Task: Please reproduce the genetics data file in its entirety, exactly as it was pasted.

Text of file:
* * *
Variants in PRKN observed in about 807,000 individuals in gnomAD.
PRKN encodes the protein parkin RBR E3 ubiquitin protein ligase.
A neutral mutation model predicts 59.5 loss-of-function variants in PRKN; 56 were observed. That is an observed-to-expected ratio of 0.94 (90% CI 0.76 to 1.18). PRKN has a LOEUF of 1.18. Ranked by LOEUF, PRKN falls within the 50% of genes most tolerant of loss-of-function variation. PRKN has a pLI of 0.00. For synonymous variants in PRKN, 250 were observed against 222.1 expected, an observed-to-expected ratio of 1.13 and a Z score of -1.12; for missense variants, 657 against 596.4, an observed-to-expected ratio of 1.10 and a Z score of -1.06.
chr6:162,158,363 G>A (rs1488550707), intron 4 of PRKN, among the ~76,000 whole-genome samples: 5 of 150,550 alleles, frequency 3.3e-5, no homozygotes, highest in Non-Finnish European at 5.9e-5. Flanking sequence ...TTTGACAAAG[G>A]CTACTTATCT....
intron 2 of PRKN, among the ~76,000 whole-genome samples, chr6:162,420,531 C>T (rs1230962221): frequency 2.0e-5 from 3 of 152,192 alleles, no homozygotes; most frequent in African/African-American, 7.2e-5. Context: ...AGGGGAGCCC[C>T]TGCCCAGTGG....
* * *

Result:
Variants in PRKN observed in about 807,000 individuals in gnomAD.
PRKN encodes the protein parkin RBR E3 ubiquitin protein ligase.
A neutral mutation model predicts 59.5 loss-of-function variants in PRKN; 56 were observed. That is an observed-to-expected ratio of 0.94 (90% CI 0.76 to 1.18). PRKN has a LOEUF of 1.18. Ranked by LOEUF, PRKN falls within the 50% of genes most tolerant of loss-of-function variation. PRKN has a pLI of 0.00. For synonymous variants in PRKN, 250 were observed against 222.1 expected, an observed-to-expected ratio of 1.13 and a Z score of -1.12; for missense variants, 657 against 596.4, an observed-to-expected ratio of 1.10 and a Z score of -1.06.
chr6:162,158,363 G>A (rs1488550707), intron 4 of PRKN, among the ~76,000 whole-genome samples: 5 of 150,550 alleles, frequency 3.3e-5, no homozygotes, highest in Non-Finnish European at 5.9e-5. Flanking sequence ...TTTGACAAAG[G>A]CTACTTATCT....
intron 2 of PRKN, among the ~76,000 whole-genome samples, chr6:162,420,531 C>T (rs1230962221): frequency 2.0e-5 from 3 of 152,192 alleles, no homozygotes; most frequent in African/African-American, 7.2e-5. Context: ...AGGGGAGCCC[C>T]TGCCCAGTGG....